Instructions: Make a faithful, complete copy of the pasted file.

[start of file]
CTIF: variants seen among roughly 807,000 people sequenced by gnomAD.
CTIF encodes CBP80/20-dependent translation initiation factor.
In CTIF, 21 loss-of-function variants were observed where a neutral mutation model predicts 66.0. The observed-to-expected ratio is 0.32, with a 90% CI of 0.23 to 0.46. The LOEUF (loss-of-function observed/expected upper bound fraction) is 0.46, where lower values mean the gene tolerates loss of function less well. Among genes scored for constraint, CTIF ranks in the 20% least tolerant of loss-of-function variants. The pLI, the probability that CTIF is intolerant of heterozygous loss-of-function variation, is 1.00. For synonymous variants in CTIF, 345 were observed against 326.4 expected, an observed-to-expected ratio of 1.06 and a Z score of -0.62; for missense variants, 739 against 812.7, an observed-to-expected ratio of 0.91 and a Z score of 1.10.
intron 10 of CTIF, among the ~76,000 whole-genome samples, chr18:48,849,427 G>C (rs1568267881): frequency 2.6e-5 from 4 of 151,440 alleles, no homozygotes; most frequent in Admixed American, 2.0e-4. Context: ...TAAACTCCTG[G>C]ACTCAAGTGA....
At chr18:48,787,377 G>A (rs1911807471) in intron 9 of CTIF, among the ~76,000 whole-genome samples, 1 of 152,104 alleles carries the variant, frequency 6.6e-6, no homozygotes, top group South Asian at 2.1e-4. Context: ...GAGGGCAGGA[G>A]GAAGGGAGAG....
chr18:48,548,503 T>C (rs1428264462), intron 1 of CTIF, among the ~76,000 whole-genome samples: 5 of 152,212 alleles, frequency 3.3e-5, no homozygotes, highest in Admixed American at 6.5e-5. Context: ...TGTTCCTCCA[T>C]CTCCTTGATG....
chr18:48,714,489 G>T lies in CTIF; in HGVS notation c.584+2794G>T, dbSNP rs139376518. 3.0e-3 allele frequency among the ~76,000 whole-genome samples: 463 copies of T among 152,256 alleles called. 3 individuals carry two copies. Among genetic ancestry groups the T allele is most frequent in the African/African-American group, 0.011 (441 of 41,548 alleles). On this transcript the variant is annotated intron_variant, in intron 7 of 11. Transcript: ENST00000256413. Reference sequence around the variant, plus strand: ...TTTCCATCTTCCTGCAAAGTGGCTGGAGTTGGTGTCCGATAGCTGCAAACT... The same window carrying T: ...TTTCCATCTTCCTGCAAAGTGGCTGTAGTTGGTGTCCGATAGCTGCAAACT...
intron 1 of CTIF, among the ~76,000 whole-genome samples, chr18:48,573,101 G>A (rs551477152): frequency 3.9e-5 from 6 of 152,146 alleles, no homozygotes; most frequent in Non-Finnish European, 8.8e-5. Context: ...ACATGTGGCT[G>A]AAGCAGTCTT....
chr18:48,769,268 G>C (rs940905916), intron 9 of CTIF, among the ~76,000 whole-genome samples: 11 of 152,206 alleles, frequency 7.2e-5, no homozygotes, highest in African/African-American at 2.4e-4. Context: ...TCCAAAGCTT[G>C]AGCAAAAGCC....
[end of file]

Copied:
CTIF: variants seen among roughly 807,000 people sequenced by gnomAD.
CTIF encodes CBP80/20-dependent translation initiation factor.
In CTIF, 21 loss-of-function variants were observed where a neutral mutation model predicts 66.0. The observed-to-expected ratio is 0.32, with a 90% CI of 0.23 to 0.46. The LOEUF (loss-of-function observed/expected upper bound fraction) is 0.46, where lower values mean the gene tolerates loss of function less well. Among genes scored for constraint, CTIF ranks in the 20% least tolerant of loss-of-function variants. The pLI, the probability that CTIF is intolerant of heterozygous loss-of-function variation, is 1.00. For synonymous variants in CTIF, 345 were observed against 326.4 expected, an observed-to-expected ratio of 1.06 and a Z score of -0.62; for missense variants, 739 against 812.7, an observed-to-expected ratio of 0.91 and a Z score of 1.10.
intron 10 of CTIF, among the ~76,000 whole-genome samples, chr18:48,849,427 G>C (rs1568267881): frequency 2.6e-5 from 4 of 151,440 alleles, no homozygotes; most frequent in Admixed American, 2.0e-4. Context: ...TAAACTCCTG[G>C]ACTCAAGTGA....
At chr18:48,787,377 G>A (rs1911807471) in intron 9 of CTIF, among the ~76,000 whole-genome samples, 1 of 152,104 alleles carries the variant, frequency 6.6e-6, no homozygotes, top group South Asian at 2.1e-4. Context: ...GAGGGCAGGA[G>A]GAAGGGAGAG....
chr18:48,548,503 T>C (rs1428264462), intron 1 of CTIF, among the ~76,000 whole-genome samples: 5 of 152,212 alleles, frequency 3.3e-5, no homozygotes, highest in Admixed American at 6.5e-5. Context: ...TGTTCCTCCA[T>C]CTCCTTGATG....
chr18:48,714,489 G>T lies in CTIF; in HGVS notation c.584+2794G>T, dbSNP rs139376518. 3.0e-3 allele frequency among the ~76,000 whole-genome samples: 463 copies of T among 152,256 alleles called. 3 individuals carry two copies. Among genetic ancestry groups the T allele is most frequent in the African/African-American group, 0.011 (441 of 41,548 alleles). On this transcript the variant is annotated intron_variant, in intron 7 of 11. Transcript: ENST00000256413. Reference sequence around the variant, plus strand: ...TTTCCATCTTCCTGCAAAGTGGCTGGAGTTGGTGTCCGATAGCTGCAAACT... The same window carrying T: ...TTTCCATCTTCCTGCAAAGTGGCTGTAGTTGGTGTCCGATAGCTGCAAACT...
intron 1 of CTIF, among the ~76,000 whole-genome samples, chr18:48,573,101 G>A (rs551477152): frequency 3.9e-5 from 6 of 152,146 alleles, no homozygotes; most frequent in Non-Finnish European, 8.8e-5. Context: ...ACATGTGGCT[G>A]AAGCAGTCTT....
chr18:48,769,268 G>C (rs940905916), intron 9 of CTIF, among the ~76,000 whole-genome samples: 11 of 152,206 alleles, frequency 7.2e-5, no homozygotes, highest in African/African-American at 2.4e-4. Context: ...TCCAAAGCTT[G>C]AGCAAAAGCC....